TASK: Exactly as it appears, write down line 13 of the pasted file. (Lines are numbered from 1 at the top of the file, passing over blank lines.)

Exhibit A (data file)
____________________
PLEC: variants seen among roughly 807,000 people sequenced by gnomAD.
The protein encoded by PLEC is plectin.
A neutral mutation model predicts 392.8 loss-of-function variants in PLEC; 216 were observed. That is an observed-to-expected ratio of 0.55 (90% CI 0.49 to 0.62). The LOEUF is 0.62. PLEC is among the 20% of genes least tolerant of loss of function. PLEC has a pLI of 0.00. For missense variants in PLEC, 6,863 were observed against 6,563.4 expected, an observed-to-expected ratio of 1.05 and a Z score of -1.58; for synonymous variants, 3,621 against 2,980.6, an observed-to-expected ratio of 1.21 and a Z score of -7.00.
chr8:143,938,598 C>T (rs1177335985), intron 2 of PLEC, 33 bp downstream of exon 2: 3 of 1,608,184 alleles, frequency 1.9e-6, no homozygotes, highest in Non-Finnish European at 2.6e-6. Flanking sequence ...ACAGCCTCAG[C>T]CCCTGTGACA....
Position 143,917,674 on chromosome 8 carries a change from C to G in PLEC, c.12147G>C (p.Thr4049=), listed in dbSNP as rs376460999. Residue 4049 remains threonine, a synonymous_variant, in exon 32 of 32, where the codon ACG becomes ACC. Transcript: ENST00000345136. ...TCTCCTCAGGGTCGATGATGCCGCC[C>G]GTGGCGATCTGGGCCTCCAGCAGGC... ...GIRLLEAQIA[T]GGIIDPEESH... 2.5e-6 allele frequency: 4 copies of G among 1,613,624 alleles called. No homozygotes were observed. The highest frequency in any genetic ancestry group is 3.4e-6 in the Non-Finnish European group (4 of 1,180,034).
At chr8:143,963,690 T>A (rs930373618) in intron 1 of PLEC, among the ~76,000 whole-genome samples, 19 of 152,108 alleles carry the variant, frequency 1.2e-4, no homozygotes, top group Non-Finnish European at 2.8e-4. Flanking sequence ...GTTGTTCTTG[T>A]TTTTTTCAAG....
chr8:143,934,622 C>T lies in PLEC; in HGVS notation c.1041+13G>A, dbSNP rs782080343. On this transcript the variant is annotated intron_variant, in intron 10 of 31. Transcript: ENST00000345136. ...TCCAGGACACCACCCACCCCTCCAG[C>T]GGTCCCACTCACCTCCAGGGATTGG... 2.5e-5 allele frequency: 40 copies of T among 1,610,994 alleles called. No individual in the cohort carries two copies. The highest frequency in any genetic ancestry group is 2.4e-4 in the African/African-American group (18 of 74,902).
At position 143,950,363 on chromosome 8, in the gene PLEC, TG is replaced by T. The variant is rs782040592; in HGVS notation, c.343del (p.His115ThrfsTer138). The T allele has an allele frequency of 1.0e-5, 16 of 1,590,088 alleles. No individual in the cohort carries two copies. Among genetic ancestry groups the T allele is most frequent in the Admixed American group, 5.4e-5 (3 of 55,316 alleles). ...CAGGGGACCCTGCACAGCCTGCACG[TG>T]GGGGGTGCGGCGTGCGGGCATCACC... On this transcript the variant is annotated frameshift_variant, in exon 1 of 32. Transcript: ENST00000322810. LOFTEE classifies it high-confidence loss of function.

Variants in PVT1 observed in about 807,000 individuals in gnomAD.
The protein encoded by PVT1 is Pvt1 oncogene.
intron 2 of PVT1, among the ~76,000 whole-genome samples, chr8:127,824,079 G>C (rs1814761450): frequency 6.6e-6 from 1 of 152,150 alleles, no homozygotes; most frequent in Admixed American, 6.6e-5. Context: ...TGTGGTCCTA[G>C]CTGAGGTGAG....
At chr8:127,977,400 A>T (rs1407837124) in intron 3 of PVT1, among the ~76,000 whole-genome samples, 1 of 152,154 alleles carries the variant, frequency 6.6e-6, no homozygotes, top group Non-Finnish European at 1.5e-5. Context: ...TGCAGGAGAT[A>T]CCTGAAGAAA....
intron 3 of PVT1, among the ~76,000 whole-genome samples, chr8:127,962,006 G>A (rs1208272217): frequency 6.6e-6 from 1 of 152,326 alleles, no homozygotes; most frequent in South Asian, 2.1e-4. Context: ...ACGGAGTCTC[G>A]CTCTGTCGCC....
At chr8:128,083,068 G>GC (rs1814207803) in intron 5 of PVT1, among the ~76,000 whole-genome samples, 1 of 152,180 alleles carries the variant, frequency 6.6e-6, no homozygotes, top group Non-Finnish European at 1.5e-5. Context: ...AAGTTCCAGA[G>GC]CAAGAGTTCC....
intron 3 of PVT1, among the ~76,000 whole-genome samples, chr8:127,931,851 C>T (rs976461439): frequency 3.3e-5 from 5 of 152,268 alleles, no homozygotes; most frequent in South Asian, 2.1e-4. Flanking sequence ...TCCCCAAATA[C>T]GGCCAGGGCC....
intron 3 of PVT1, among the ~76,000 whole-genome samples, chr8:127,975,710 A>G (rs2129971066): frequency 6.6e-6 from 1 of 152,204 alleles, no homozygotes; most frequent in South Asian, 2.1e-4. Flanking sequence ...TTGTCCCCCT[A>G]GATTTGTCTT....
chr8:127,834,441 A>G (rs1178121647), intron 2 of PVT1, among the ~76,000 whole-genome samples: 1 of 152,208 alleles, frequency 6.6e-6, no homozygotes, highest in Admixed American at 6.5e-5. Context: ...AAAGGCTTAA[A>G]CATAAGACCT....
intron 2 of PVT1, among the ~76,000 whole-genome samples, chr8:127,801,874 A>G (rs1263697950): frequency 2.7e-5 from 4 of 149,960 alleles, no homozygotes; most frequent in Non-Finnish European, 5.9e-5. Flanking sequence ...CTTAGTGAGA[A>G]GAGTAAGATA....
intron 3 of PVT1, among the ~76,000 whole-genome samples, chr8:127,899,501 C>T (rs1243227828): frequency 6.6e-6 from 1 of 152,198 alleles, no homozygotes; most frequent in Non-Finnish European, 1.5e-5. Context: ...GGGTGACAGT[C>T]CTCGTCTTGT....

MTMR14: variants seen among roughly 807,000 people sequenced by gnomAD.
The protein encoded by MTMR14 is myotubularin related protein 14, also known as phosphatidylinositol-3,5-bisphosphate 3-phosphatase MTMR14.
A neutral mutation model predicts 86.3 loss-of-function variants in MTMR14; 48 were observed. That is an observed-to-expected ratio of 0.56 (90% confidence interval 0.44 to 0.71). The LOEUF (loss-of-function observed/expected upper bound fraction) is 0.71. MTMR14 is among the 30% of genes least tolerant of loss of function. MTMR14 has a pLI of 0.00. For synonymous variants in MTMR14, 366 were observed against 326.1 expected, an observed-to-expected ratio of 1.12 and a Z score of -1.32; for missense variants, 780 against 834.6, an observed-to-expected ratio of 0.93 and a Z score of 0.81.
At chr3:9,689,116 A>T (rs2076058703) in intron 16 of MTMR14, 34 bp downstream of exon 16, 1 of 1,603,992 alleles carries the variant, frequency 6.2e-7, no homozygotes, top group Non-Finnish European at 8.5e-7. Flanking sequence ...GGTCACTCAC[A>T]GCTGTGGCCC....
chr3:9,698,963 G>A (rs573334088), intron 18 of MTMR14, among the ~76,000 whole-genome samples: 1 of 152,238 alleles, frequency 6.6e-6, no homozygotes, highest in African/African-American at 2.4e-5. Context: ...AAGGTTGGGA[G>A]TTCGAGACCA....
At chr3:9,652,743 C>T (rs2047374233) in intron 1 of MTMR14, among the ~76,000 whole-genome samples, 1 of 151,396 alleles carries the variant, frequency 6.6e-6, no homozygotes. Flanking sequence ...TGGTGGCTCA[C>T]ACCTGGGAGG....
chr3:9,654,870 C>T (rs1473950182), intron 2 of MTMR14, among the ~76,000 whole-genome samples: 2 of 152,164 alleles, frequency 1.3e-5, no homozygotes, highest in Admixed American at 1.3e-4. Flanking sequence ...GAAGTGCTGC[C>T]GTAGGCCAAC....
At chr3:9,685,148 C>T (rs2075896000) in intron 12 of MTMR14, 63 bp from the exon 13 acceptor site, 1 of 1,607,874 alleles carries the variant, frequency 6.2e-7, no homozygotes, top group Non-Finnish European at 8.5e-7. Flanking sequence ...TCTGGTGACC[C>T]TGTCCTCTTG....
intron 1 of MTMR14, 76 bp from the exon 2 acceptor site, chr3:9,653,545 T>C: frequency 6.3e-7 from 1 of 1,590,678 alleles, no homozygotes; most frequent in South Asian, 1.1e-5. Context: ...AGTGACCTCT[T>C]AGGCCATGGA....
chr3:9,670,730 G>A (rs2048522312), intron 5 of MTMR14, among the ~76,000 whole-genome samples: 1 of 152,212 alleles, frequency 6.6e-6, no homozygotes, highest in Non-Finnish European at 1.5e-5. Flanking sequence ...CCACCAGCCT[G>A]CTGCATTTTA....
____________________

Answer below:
intron 3 of PVT1, among the ~76,000 whole-genome samples, chr8:127,962,006 G>A (rs1208272217): frequency 6.6e-6 from 1 of 152,326 alleles, no homozygotes; most frequent in South Asian, 2.1e-4. Context: ...ACGGAGTCTC[G>A]CTCTGTCGCC....